By: James Sherrod – find him on Twitter.
As she often does, our Editor-At-Large and writer Stefanie MacWilliams posted a thought provoking, slightly triggering article called “No, Animals Should Not Have Rights. Here’s Why.”
I do not normally write additional thoughts to Stefanie’s articles because I agree with her on most topics, largely because we have very similar world views. However, this article contains some thoughts that Stefanie touches on that I think are important not to miss. As I read through this article and the viewpoints of those who disagreed with it, I noticed a few key lessons we should all learn.
I find Stefanie to be a critical thinker that is fairly good at taking ideas to their logical conclusion. This is a really important skill that many people lack and don’t even understand. What this means is taking an idea or viewpoint and looking at the world through the lenses of that idea being true. Then, you think about what other beliefs you must accept, and what actions you would support if this idea was part of your world view.
This skill is so important, but is not taught in school – or obtained through a journalism degree for that matter.
A great teachable moment to learn this skill comes when Stefanie quotes the animal rights activist’s idea that animals should be treated the same as humans. More specifically, the idea that treating an animal differently based on species is discriminatory comparable to being racist. This viewpoint is a great example of a dead end idea. If someone, like myself, cares about nature or animals it is completely illogical to hold this viewpoint.
Time to follow this idea to its logical conclusion by assuming the views of an animals rights activist.
1: The distinction of species should not be used to treat animals differently than humans.
Now, obviously the goal is for animals to be treated more like people, not to raise and slaughter humans for food. Since this is the case, we can take rules that me have for each other as humans and apply them to animals.
2: Humans should not kill each other, and definitely should not eat other humans.
This seems acceptable enough to move on to the next logical thought. Some would argue overpopulation of animals, but as an animal right activist, that would be a good thing.
3: Now that the species barrier is gone our laws also apply to the animals, otherwise the law would be discriminating based on species.
This seems like it is going to be a tough idea to maintain. Treating all species the same might not be as easy as we thought, but lets see where this takes us.
4: Since point 1,2, and 3 are true, that means all animal species should not be allowed to murder or eat each other.
This is where we have to bail on the idea of species being an arbitrary barrier. Now that animals should no longer be allowed to kill or eat each other nature is destroyed. The food chain is halted, and basically all animal life, especially mammals, die.
This process of bringing an idea to its logical conclusion is often depicted as a flow chart for troubleshooting as seen belo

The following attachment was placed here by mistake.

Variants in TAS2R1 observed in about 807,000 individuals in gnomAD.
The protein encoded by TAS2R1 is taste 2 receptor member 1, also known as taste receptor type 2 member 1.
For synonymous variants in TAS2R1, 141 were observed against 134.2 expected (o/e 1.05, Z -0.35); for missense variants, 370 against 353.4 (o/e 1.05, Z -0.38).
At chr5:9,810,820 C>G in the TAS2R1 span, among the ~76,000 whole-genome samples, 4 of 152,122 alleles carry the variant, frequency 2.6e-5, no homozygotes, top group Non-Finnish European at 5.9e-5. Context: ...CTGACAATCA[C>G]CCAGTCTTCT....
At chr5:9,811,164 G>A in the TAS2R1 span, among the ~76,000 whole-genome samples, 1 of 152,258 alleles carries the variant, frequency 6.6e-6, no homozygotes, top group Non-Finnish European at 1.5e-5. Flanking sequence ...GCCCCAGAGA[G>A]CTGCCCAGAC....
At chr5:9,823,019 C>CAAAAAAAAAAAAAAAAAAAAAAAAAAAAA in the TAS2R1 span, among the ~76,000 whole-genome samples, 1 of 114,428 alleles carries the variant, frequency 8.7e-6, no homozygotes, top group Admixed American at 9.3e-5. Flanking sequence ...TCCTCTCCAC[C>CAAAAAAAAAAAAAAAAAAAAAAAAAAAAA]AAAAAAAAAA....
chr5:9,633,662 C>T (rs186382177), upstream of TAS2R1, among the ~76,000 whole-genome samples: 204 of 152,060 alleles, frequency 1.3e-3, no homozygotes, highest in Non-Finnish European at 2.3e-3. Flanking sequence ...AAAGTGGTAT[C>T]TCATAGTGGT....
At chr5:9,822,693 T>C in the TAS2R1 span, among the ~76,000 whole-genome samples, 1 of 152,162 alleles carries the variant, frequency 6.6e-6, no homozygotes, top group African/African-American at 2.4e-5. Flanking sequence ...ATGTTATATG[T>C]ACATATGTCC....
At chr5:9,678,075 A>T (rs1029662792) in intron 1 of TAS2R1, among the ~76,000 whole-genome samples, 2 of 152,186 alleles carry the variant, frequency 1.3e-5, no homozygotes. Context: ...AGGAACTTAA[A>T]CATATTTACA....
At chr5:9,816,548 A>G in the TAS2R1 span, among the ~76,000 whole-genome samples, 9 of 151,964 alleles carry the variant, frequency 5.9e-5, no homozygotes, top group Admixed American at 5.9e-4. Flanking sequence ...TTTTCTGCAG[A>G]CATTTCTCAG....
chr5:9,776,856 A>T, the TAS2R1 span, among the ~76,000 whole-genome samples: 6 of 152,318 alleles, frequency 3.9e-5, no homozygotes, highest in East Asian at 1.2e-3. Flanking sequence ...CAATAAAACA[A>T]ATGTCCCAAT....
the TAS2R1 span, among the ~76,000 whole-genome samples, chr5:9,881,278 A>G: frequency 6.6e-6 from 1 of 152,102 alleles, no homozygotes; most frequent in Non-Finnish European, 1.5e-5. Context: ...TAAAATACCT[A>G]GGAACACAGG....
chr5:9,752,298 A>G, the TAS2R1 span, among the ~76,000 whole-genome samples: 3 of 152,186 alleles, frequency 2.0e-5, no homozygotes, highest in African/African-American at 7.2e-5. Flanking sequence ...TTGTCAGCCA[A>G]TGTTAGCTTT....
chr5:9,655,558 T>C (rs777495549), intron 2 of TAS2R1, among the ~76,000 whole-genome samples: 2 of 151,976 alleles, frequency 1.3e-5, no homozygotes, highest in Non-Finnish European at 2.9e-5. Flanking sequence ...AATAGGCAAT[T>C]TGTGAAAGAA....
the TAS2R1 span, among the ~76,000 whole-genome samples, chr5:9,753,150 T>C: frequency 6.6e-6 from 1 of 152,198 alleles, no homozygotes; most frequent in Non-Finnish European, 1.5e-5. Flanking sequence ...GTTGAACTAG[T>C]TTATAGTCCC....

Applying this to political views can be really helpful to finding what views you actually stand for. The lack of the ability to take ideas all the way to their logical conclusion is a major cause of disagreement in the American political sphere.
Things like abortion, eugenics, and euthanasia are good examples of major stances that ignore the conclusions that they will eventually lead to.
Another important thing to note in Stefanie’s article is her commitment to self improvement.
She describes the evolution of her personal thoughts on animals rights in a way that gives us a picture of her introspective mind. In the limited conversations I have had with her I have found self improvement to be a quality she constantly practices.
This is also a really important quality that the American public completely lacks, and is a root problem of government entitlements. It is so much easier for us to say, “the government needs to take care of these poor people!”, but when was the last time you personally helped a poor person? We all fall short in this area, but the reality is the only real change in the world comes from the individual level.
Laws may encourage or discourage certain actions but it is impossible to regulate righteousness. Sadly the American culture does not value self improvement beyond plastic surgery. We would rather change the world to accommodate us instead of work on our own character or lifestyle. How much better would our nation be if we all focused on improving our own community instead of a government that applies huge blanket laws over the entire population?
As technology improves, the need to self improve and practice self control becomes more and more important.
Take food for example. In the USA we do not value food because it is really easy to get. Instead of growing, threshing, milling, and cooking wheat for bread we just go get some at the store. Technology and progress made it so easy to get food in a short time that we really don’t even think about it. It takes a conscience effort to teach ourselves the value of food, because it is not created by our way of life anymore
Animal rights seems to have decreased with progress as well for the same reason. Instead of risking your own life to kill a buffalo for your family, you just drive to the grocery store and buy some meat. This example may seem silly, but it has become so easy to raise and kill animals that we really don’t value the animal at all anymore.
My fear is actually that humans and animals WILL be treated the same. As technology enables us to kill humans with unprecedented ease, our value for human life falls. The murder of a baby reduced to the words “just abort it” and dropping bombs from the comfort of a computer chair are examples of this.
Unless we all learn to analyze our beliefs, and make a conscience effort to improve, we will loose our value for human life completely.